Outspoken 60-Year-Old Trump Fan Murdered, Friends Worry It Was Political Killing


Every city has its local soapbox characters — the people known for standing on street corners, espousing causes in a colorful way.

You may like or hate what they’re espousing, but if they’re not being objectively confrontational in an offensive way (looking at you, Black Hebrew Israelites), they add harmless local flavor.

If you’re a Milwaukee resident who spent some time around the Riverwest neighborhood, Bernell Trammell was one of those characters. He was known for his political and religious signage, as well as his willingness to engage with the man on the street.

The 60-year-old was an ardent backer of President Donald Trump and an outspoken believer in Rastafarianism. He was also, as the Milwaukee Journal Sentinel reported, a supporter of the Black Lives Matter movement and of Lena Taylor, a progressive who ran for Milwaukee mayor.

Trammell is now dead — shot in broad daylight on July 23. Now, many who knew him wonder if it was a killing motivated by his politics.

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“He’s just a community figure,” local resident Adebisi Agoro told WITI-TV. “I respected him just because he had a position. … He’s got his opinion on why he feels that way; and I’m not going to knock him.”

Agoro said he talked to Trammell at 10:30 a.m. on the day he was killed, and discussed politics and religion with the man often seen holding a “Blacks for Trump” sign. Two hours later, Trammell was shot and killed.

Police have released video of the suspect. The man was seen wearing a white and red baseball cap with a black mask and riding a bicycle. He was estimated to be in his 30s, according to WISN-TV.

Many conservative figures want to know whether Trammell was killed for his political beliefs.

“Because of Trammell’s well known political activism and the possibility that his murder could be politically motivated, I respectfully request that United States Attorney Matthew Krueger open an investigation,” Republican Party of Wisconsin state head Andrew Hitt said in a statement.

“No American should fear for their personal safety because of where they live or their political affiliation.”

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Do you think Bernell Trammell was murdered due to his politics?

Hitt, a former prosecutor, said he turned to the U.S. attorney after he couldn’t get answers from the Milwaukee Police Department.

“I know how these investigations work,” he told the New York Post. “The lack of information is concerning. We don’t know any of the circumstances of how he was murdered.”

Hitt added that a Republican Party outreach center had been opened near Trammell’s office, where the community fixture had run the publication eXpressions Journal for decades, to try and court African-American voters.

“This is personal,” Hitt said.

Wisconsin GOP Sen. Ron Johnson expressed similar concerns.

“Bernell Trammell was known to many in Milwaukee. My condolences to his family and friends. I hope they get answers and justice soon,” he tweeted.

One theory revolves around a man who reportedly had a dispute with Trammell a few weeks ago over Trammell’s “Trump 2020” sign.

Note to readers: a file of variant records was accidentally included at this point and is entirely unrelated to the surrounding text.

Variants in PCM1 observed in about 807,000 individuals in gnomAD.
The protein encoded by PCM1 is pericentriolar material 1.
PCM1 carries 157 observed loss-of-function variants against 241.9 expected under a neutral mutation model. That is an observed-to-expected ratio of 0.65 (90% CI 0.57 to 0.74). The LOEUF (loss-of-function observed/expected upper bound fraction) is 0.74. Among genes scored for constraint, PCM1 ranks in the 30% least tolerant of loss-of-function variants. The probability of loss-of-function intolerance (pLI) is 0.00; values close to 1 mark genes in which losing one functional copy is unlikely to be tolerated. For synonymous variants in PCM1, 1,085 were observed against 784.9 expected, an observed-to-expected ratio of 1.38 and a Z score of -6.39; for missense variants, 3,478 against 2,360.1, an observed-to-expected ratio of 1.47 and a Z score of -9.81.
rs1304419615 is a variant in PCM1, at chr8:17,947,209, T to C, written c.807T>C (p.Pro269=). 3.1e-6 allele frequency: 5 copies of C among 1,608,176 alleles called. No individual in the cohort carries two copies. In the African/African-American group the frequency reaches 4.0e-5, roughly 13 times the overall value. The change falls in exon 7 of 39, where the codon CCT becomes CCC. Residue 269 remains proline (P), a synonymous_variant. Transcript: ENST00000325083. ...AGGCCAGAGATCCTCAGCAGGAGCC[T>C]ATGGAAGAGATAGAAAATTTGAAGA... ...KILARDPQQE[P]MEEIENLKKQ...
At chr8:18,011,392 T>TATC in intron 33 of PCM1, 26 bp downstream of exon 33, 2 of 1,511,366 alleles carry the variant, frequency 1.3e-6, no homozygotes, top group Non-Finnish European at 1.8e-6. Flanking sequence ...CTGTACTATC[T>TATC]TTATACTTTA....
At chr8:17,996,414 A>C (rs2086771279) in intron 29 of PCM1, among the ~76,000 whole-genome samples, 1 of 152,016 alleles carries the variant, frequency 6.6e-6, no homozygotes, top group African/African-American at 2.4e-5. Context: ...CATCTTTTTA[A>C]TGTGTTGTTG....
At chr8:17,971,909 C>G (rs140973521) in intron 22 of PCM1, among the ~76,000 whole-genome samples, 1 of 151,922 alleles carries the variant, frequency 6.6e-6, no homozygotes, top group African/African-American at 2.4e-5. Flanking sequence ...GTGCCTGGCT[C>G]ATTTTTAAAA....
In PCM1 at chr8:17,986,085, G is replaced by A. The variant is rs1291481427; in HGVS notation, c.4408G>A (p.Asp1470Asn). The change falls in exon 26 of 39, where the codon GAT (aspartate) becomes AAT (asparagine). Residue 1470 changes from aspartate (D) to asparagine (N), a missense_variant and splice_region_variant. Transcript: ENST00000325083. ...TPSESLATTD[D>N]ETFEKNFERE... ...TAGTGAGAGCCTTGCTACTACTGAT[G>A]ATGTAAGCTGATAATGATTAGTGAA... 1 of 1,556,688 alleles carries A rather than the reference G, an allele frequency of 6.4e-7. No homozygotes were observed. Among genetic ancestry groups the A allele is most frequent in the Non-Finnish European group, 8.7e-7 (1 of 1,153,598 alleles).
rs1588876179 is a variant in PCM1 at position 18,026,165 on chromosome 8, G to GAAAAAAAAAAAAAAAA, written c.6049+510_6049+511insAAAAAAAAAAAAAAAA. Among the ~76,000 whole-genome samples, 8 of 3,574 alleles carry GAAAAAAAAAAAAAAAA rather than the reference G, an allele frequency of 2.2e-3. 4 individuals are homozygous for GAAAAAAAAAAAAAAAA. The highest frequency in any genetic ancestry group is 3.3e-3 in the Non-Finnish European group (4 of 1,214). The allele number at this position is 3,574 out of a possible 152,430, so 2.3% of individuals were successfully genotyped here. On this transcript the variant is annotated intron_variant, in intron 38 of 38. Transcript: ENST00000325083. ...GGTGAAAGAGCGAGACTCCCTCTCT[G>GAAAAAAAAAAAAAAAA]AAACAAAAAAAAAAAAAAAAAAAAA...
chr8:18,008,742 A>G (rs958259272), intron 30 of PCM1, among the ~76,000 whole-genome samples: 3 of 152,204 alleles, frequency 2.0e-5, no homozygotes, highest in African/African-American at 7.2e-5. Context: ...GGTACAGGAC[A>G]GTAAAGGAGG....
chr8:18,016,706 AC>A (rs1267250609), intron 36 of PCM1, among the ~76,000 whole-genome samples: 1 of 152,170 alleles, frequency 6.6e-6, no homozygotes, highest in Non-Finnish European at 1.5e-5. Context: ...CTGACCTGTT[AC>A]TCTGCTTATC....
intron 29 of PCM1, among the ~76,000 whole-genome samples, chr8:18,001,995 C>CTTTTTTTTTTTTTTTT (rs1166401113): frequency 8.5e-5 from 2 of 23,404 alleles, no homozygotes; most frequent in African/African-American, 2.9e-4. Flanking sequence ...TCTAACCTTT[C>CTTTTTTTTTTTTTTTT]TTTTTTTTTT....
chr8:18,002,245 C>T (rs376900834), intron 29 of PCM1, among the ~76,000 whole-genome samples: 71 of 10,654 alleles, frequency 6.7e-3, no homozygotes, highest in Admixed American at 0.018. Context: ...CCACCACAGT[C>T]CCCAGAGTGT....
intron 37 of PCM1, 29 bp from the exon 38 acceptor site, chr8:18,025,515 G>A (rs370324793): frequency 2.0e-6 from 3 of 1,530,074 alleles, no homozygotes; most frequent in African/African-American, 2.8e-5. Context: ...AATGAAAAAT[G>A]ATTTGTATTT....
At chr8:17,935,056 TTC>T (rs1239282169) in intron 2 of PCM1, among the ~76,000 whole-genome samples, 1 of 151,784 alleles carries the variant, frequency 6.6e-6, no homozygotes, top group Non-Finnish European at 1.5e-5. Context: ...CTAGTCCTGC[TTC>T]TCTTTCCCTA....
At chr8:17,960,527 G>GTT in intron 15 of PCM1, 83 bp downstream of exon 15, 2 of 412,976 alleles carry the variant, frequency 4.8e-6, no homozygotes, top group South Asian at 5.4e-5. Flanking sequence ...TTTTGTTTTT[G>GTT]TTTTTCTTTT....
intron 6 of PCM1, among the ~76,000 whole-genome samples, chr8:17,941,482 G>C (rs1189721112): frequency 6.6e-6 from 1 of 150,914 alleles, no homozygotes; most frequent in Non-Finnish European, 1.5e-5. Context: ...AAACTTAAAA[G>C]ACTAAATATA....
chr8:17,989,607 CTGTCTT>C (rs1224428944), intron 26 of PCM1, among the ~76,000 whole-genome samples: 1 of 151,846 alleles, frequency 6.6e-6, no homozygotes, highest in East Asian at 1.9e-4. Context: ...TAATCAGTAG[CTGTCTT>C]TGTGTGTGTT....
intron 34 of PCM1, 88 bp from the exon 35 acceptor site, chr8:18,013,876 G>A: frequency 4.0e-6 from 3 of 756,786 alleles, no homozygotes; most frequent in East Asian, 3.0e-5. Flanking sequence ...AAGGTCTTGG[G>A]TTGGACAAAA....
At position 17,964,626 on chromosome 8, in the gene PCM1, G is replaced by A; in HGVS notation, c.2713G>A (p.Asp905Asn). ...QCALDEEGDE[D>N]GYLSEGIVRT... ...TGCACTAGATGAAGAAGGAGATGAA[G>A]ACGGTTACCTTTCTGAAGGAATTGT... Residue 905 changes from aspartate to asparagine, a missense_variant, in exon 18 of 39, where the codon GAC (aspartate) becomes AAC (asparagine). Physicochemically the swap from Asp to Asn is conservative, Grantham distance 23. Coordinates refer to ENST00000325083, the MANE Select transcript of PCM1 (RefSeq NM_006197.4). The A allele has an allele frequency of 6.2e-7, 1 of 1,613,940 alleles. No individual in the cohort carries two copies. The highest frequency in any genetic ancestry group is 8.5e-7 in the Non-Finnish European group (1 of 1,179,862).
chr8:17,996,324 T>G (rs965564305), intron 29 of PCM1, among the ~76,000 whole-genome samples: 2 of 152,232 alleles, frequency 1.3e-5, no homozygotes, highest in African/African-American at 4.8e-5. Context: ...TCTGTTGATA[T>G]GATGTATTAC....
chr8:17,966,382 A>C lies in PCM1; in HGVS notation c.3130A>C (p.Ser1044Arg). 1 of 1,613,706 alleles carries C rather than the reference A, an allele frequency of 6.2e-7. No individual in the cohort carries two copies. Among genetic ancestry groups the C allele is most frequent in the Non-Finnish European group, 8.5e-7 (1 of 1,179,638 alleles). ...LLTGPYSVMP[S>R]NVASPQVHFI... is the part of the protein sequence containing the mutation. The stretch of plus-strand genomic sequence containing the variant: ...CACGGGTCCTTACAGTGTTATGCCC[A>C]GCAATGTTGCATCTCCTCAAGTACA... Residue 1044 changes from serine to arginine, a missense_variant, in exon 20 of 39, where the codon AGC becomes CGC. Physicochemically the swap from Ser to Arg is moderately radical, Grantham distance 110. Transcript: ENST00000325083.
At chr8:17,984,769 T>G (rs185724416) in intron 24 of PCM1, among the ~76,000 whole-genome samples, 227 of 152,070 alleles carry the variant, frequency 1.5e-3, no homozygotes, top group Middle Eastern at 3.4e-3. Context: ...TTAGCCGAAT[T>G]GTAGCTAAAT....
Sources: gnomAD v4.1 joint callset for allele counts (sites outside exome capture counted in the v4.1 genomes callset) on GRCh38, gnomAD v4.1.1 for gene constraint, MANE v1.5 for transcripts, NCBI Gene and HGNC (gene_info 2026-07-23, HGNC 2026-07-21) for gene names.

Reggie Moore, director of Milwaukee’s Office of Violence Prevention, said he intervened in the situation.

Conservative figures aren’t the only ones wondering whether Trammell’s death had anything to do with his political beliefs.

“Friends and acquaintances were at a loss Thursday for who would shoot their friend, worrying it might have to do with his various stances,” WITI reported late last month.

Many on Twitter also expressed concern that Trammell was killed because of his politics:

As of July 26, the Milwaukee Police Department had no suspects in custody.

“The homicide that occurred on the 900 block of E. Wright is still under investigation and the motive is still under determination as MPD is still seeking a suspect,” they said.

Meanwhile, friends of Trammell’s gathered around his office to remember the man. A 21-year-old named Janette said that he helped support her after she was diagnosed with multiple sclerosis, talking with her about religion and philosophy, and encouraging her to speak out about her personal beliefs.

“Now that he’s not here, I have no choice but to use my voice,” she told the Journal Sentinel.

“He was selfless,” Wisdom Prometheus Grey said of Trammell.

Agoro, meanwhile, told the Post that Trammell “didn’t have internet, he didn’t have a phone, he didn’t have a dime to his name … but he got his message out.”

“He was a positive guy,” Agoro added to the Journal Sentinel. “I didn’t see him being mean or violent at all toward anybody while he was outside with his signs. He’d be on his bike. I’d see him pretty much daily.”

Plenty of people did. He was part of the local color, after all.

Now, he’s gone — and no one knows whether it was because of his politics or not.

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C. Douglas Golden is a writer who splits his time between the United States and Southeast Asia. Specializing in political commentary and world affairs, he's written for Conservative Tribune and The Western Journal since 2014.
C. Douglas Golden is a writer who splits his time between the United States and Southeast Asia. Specializing in political commentary and world affairs, he's written for Conservative Tribune and The Western Journal since 2014. Aside from politics, he enjoys spending time with his wife, literature (especially British comic novels and modern Japanese lit), indie rock, coffee, Formula One and football (of both American and world varieties).
Morristown, New Jersey
Catholic University of America
Languages Spoken
English, Spanish
Topics of Expertise
American Politics, World Politics, Culture